When Apple released the Apple Watch Series 3 at its event last week, it added a few really big new features, including cellular capabilities to the device. I’ve been testing out a cellular model with an iPhone 8 for about a week.
It’s hard for me to express how much I love the Apple Watch. It helped me get healthier, lose a lot of weight, and with its notifications, it changed the way I use my iPhone. With the addition of cellular, that is going to change even more.
Even after the demonstration that Jeff Williams did on stage when he called a colleague on an Apple Watch paddling in the middle of a lake, I was skeptical. I was impressed, but I was skeptical because it sounded so good.
The only thing to do was test it myself.
I went to the financial district of San Francisco with my father. I left my iPhone at home, so all I had was my Apple Watch. He walked one way and I walked the other. A couple of minutes later, he called and I picked up the call on my Apple Watch.
I had the watch about chest high when I was speaking, but he said he could hear me “clear as day.” I could also hear him clearly from the Apple Watch speaker.
Next, I dropped my arm and started walking, but continued my conversation with him. He said he could still hear me just fine, even though my arm was down by my side and I was walking at a normal pace. To be honest, I wanted to see what I could do so that he couldn’t hear me, but he kept saying it sounded fine.
There was some traffic in the area, but it wasn’t incredibly busy with horns blasting when we were doing the tests. However, San Francisco is a busy spot around mid-morning on a weekday, so it was a good place to test the cellular capabilities.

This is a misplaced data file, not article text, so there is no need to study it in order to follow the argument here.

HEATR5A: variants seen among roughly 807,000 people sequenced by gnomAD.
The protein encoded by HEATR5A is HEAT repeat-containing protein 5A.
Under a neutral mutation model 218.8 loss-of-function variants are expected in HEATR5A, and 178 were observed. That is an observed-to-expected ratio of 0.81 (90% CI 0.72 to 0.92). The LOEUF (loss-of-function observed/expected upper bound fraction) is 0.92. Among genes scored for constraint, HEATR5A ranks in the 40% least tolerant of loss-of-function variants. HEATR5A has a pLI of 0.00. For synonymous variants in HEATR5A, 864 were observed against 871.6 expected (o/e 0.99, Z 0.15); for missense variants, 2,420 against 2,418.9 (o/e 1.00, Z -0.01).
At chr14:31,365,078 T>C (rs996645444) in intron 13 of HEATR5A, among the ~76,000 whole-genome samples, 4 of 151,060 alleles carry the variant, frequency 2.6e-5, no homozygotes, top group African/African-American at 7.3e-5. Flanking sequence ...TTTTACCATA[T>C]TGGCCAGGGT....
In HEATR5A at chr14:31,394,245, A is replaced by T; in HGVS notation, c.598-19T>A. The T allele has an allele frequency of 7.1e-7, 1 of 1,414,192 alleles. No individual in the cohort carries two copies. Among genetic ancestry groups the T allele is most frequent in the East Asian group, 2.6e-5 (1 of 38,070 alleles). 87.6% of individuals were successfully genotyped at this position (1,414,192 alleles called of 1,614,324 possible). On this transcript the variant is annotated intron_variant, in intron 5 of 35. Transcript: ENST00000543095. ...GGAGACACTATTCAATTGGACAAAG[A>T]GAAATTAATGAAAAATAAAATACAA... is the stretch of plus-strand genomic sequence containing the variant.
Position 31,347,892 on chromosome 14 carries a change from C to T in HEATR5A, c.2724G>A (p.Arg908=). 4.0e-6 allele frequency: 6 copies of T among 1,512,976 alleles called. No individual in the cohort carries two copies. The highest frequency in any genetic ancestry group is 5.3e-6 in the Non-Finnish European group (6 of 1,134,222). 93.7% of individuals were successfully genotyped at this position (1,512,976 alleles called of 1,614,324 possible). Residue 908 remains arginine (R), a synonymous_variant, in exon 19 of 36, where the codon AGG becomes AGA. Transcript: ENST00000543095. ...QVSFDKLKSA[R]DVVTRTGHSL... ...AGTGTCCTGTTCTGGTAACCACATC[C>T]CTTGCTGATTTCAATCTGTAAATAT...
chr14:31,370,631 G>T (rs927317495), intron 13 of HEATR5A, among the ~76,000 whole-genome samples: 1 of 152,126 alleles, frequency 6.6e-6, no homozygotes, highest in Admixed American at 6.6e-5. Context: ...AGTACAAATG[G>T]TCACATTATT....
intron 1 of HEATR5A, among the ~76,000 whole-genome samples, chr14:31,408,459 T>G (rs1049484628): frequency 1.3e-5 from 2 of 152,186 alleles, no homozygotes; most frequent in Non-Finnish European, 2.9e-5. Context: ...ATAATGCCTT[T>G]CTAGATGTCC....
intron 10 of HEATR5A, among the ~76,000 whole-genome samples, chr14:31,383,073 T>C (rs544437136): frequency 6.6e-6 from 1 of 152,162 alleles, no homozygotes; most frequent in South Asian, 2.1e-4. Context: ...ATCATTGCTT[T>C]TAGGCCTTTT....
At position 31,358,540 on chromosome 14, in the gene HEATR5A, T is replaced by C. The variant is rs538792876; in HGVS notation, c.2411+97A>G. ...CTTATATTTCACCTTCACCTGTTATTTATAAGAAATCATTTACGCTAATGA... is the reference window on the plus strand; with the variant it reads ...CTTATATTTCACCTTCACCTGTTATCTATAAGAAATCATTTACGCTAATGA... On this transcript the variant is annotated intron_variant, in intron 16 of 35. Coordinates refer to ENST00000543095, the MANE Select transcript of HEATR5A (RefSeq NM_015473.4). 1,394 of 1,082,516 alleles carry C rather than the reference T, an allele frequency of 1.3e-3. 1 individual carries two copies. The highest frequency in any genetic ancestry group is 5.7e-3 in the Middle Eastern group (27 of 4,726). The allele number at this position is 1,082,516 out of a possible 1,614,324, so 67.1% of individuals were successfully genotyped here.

Finally, I tried a phone call using my AirPods and the Apple Watch and he said that was the best—the sound was incredible at that point. Of course, that makes sense.
With technology so prevalent these days, we never want to miss out on anything that happens. We all carry our iPhones everywhere we go and check them nonstop—many would say too much.
In the past week, I’ve gone out multiple times without my iPhone and still received messages, emails, and phone calls. I was still in touch with people, but I felt a little free not having my iPhone with me.
If I left my iPhone behind accidentally, I’d be freaking out and need to get home to get it in case something happened—I didn’t feel that with the Apple Watch Series 3. I had everything I needed on my wrist.
Originally, I loved the notifications on the Apple Watch because it allowed me to see what was going on without having to pick up my iPhone. Every time I picked up the phone, I would get stuck going down a rabbit hole of checking everything that came in. With Apple Watch, I can look at a notification and decide if it’s something that needs to be dealt with or not.
What’s interesting about the Apple Watch Series 3 with cellular is how it chooses to connect to a network.